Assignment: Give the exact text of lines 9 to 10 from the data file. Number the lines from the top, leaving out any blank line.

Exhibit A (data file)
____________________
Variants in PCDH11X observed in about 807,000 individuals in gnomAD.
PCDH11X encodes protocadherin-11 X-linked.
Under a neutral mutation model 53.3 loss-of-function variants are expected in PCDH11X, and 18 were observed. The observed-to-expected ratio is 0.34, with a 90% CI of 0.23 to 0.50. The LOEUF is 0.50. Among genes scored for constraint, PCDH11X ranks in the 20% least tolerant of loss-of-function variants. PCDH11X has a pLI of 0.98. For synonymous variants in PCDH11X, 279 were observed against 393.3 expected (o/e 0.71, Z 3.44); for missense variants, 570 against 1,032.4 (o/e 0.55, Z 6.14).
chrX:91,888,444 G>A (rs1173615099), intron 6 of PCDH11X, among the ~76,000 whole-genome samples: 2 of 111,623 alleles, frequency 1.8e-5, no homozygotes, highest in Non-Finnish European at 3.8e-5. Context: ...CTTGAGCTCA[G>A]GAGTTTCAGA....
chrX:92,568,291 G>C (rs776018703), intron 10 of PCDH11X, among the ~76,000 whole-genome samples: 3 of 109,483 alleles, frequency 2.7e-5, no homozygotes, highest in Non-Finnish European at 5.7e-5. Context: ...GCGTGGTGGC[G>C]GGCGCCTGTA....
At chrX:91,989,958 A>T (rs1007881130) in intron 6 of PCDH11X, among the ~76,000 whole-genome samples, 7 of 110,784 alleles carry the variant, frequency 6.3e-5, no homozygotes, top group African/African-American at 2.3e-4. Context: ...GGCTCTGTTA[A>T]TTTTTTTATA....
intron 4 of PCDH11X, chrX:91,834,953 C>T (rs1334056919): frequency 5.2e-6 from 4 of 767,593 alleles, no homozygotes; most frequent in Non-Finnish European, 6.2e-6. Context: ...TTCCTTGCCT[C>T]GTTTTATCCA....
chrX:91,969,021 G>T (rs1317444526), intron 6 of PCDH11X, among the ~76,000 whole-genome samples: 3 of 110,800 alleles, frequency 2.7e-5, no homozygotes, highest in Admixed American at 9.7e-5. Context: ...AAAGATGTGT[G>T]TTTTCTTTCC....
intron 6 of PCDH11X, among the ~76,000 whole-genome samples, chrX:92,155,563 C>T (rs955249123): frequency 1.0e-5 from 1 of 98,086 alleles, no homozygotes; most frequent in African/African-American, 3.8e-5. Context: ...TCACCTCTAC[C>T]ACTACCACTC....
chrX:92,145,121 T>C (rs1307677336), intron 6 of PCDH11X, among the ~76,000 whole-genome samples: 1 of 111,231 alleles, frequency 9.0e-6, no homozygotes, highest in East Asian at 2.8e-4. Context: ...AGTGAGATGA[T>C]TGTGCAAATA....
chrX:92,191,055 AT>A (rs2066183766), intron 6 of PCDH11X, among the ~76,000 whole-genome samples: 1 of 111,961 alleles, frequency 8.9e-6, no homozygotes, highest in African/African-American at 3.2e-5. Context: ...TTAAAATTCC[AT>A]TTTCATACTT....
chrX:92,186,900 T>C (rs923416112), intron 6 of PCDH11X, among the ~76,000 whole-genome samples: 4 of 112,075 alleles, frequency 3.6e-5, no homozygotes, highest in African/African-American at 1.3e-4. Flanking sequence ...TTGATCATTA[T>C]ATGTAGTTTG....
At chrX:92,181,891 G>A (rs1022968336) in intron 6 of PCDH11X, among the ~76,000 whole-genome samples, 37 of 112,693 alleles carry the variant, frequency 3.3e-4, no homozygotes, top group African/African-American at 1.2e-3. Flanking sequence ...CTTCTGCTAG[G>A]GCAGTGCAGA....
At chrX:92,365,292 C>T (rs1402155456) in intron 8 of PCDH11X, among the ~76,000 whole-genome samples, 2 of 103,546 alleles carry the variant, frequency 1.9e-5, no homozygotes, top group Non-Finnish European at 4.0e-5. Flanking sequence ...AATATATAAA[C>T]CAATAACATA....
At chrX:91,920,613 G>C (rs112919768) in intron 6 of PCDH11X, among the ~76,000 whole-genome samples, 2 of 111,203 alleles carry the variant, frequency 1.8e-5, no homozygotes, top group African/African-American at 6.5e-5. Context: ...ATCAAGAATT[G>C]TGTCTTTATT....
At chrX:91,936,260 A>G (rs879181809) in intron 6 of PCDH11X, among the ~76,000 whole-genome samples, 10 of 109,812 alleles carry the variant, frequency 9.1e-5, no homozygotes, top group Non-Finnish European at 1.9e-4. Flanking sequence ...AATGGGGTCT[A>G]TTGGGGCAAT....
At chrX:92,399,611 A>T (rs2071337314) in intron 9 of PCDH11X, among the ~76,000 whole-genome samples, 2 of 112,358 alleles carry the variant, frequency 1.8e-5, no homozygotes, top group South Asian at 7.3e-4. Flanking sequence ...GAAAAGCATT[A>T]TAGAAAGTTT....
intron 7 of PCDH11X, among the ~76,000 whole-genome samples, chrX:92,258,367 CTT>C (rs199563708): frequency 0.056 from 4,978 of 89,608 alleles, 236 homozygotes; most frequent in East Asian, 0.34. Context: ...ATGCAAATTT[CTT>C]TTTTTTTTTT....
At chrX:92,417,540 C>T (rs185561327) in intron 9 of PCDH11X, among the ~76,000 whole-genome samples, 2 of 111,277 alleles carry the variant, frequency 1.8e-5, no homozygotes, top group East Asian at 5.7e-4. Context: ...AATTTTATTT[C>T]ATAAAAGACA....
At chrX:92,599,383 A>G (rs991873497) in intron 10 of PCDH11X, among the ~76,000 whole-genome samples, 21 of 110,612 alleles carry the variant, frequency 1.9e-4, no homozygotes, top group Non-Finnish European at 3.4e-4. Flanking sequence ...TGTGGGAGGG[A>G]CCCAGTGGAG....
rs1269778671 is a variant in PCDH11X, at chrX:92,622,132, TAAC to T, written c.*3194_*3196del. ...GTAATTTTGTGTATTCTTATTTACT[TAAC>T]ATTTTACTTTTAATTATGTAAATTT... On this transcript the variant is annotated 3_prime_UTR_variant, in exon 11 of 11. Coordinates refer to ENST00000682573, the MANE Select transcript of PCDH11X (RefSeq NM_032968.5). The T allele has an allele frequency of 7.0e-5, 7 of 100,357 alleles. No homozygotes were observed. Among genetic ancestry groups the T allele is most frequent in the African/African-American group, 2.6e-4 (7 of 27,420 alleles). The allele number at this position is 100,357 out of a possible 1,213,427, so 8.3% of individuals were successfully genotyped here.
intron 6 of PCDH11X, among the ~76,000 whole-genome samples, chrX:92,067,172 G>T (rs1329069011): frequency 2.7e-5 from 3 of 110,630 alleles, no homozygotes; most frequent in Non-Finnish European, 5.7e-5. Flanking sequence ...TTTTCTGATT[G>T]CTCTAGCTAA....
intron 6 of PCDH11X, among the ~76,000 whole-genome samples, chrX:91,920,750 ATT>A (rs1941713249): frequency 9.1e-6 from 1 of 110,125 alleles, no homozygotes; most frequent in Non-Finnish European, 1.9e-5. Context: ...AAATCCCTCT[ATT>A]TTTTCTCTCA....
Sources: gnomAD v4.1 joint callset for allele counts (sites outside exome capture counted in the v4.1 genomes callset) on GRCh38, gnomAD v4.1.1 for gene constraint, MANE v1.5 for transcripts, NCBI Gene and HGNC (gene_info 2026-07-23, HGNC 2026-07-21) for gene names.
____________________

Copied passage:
intron 6 of PCDH11X, among the ~76,000 whole-genome samples, chrX:92,155,563 C>T (rs955249123): frequency 1.0e-5 from 1 of 98,086 alleles, no homozygotes; most frequent in African/African-American, 3.8e-5. Context: ...TCACCTCTAC[C>T]ACTACCACTC....
chrX:92,145,121 T>C (rs1307677336), intron 6 of PCDH11X, among the ~76,000 whole-genome samples: 1 of 111,231 alleles, frequency 9.0e-6, no homozygotes, highest in East Asian at 2.8e-4. Context: ...AGTGAGATGA[T>C]TGTGCAAATA....